Announcement

Collapse
No announcement yet.

Bringing D-Bus Into The Linux Kernel

Collapse
X
  • Filter
  • Time
  • Show
Clear All
new posts

  • Bringing D-Bus Into The Linux Kernel

    Phoronix: Bringing D-Bus Into The Linux Kernel

    Alban Crequy, a Maemo developer, for the past several weeks have been working on bringing D-Bus directly into the Linux kernel. Why? Huge performance improvements...

    http://www.phoronix.com/vr.php?view=ODYwNA

  • #2
    My interpretation of the numbers is different:

    The speedup by a factor of two or three is only valid for a synthetic test case (ping-pong).

    The benchmarks for real-world-cases show a speedup of 25 percent or less.

    KDBus still needs a DBus daemon which handles a lot of stuff, the kernel-code is insecure and the speedup not that big. I would like to see how much can be improved by tuning the daemon alone before anybody starts putting user-space code into the kernel.

    Kernel code complicates development a lot - it takes lots of time until changes are accepted and distributed to all users. One has to reboot. A daemon can be replaced anytime. I am not even sure Linus and his friends will accept these patches.

    Finally, to say it in the words of another user: "d-bus is a horrible monster and cramming it into the kernel to save one second of jabber connectivity is one of the most brain-dead efforts Iíve seen in years."

    Comment


    • #3
      Ewww. D-Bus itself is completely unnecessary, keep that thing out of the kernel.

      Comment


      • #4
        Originally posted by sturmflut View Post
        My interpretation of the numbers is different:

        The speedup by a factor of two or three is only valid for a synthetic test case (ping-pong).

        The benchmarks for real-world-cases show a speedup of 25 percent or less.

        KDBus still needs a DBus daemon which handles a lot of stuff, the kernel-code is insecure and the speedup not that big. I would like to see how much can be improved by tuning the daemon alone before anybody starts putting user-space code into the kernel.

        Kernel code complicates development a lot - it takes lots of time until changes are accepted and distributed to all users. One has to reboot. A daemon can be replaced anytime. I am not even sure Linus and his friends will accept these patches.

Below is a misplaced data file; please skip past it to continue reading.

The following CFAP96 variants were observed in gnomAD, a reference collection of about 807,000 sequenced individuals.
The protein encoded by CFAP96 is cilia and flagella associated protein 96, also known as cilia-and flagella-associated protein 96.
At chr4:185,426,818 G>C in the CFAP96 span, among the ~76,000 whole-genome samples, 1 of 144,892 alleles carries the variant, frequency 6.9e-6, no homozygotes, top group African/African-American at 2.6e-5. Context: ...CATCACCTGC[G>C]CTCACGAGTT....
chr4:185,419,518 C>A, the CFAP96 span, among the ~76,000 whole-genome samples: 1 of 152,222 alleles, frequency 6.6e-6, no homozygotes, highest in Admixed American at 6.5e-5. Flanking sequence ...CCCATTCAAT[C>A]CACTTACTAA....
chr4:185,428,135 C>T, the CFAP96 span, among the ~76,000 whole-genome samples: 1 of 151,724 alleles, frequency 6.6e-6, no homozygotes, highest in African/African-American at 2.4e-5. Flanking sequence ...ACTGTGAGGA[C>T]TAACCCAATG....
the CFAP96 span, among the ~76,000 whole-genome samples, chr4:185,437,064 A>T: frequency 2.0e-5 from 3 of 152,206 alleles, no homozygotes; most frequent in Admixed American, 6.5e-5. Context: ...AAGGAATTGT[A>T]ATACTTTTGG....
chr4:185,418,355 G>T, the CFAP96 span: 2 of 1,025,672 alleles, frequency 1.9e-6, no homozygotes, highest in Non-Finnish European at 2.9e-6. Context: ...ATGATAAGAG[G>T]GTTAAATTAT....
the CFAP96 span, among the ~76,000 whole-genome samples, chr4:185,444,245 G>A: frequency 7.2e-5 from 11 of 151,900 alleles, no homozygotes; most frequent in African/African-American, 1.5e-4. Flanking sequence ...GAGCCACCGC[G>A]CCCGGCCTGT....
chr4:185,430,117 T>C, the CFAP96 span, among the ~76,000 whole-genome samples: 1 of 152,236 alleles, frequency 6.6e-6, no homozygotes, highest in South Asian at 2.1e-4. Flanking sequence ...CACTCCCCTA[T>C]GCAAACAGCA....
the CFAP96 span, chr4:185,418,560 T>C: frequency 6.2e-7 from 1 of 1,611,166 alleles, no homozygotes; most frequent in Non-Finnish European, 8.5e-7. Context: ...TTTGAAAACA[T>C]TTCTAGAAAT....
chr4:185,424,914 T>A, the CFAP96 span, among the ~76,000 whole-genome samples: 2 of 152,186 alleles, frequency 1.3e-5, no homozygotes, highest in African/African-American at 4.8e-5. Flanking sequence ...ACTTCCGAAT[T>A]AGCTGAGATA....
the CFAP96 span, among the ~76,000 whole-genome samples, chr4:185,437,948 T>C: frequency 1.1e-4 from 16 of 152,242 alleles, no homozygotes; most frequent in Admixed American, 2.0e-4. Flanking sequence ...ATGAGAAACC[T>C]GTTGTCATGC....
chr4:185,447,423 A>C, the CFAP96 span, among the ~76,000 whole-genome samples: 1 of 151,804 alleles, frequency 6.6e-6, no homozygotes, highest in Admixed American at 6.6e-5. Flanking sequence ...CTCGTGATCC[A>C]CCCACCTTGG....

Finally, to say it in the words of another user: "d-bus is a horrible monster and cramming it into the kernel to save one second of jabber connectivity is one of the most brain-dead efforts Iíve seen in years."
        It makes as much sense as it does to move X Windows into the kernel.

        Originally posted by curaga View Post
        Ewww. D-Bus itself is completely unnecessary, keep that thing out of the kernel.
        To be fair, it would be used only for userland processes. Kernel components would not use it for intra-kernel communication.

        Comment


        • #5
          Originally posted by Shining Arcanine View Post
          It makes as much sense as it does to move X Windows into the kernel.
          A commercial company already did that with a proprietary kernel module:
          http://www.microxwin.com/

          Comment


          • #6
            I seriously doubt anyone is using D-Bus for performance-critical applications...

            I don't agree though that it's unnecessary, a monster or anything. What's wrong with it? I've used it -- it's easy and works well.

            Comment


            • #7
              I bet KDE would also be extremely snappy if moved into the kernel ;-)

              Comment


              • #8
                IMHO that's a horrible idea because that would freeze the API forever. Speed-improvements are somewhat minor, unless you start sending thousands of messages per second. Can anyone name a good use-case where you need both the flexibility of DBus and the speed of, say, a standard pipe?